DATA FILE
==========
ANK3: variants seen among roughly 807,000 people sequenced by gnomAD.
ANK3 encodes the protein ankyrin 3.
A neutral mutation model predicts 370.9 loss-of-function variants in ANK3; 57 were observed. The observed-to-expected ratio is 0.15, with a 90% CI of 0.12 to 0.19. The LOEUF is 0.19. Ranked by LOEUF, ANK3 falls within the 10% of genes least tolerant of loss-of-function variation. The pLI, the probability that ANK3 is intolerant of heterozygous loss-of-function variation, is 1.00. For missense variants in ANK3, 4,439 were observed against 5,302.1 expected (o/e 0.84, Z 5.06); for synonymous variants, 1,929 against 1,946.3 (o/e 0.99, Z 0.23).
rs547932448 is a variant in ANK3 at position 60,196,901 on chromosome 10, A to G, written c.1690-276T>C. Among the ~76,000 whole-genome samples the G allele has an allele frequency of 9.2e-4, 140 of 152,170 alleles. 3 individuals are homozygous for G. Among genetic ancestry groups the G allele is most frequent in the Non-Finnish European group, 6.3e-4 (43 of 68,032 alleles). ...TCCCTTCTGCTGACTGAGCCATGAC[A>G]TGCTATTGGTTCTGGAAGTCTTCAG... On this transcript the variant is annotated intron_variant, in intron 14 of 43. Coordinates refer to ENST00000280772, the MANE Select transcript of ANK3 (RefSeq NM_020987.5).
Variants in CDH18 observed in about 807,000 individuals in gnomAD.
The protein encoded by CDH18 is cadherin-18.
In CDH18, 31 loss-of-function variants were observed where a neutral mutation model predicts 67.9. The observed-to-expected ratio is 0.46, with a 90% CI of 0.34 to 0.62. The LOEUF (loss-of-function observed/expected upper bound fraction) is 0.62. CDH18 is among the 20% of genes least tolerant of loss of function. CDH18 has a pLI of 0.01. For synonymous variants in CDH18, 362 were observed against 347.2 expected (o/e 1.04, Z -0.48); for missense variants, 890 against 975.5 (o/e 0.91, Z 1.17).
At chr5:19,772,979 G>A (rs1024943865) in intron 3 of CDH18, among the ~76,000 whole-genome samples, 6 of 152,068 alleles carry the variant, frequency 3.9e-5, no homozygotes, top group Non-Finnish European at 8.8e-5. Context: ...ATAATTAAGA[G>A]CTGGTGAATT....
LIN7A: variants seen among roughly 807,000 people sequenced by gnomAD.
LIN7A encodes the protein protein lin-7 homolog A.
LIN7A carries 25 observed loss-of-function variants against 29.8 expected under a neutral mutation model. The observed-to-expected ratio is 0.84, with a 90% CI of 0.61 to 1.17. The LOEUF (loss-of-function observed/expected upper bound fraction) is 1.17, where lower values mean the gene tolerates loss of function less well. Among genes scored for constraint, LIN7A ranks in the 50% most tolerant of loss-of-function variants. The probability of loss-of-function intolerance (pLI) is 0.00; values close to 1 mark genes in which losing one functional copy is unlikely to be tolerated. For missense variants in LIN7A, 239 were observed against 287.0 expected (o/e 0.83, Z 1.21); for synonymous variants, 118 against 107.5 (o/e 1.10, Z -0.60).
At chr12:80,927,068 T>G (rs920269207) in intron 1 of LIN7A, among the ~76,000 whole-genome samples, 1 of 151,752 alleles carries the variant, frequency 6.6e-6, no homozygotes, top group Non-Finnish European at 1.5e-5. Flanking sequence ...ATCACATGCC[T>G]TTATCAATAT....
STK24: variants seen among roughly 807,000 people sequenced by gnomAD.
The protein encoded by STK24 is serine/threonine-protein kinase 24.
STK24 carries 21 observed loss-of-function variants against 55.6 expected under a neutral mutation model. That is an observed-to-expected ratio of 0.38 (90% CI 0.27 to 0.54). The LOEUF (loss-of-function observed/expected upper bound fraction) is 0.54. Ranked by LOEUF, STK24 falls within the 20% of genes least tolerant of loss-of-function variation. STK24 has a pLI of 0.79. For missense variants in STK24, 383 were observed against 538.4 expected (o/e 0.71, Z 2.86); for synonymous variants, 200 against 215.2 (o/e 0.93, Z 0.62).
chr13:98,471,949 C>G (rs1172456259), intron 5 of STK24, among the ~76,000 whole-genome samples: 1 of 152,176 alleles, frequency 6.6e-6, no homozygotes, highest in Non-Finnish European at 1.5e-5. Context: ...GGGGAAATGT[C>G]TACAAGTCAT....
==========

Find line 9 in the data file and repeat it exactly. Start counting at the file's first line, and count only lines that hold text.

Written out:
LIN7A: variants seen among roughly 807,000 people sequenced by gnomAD.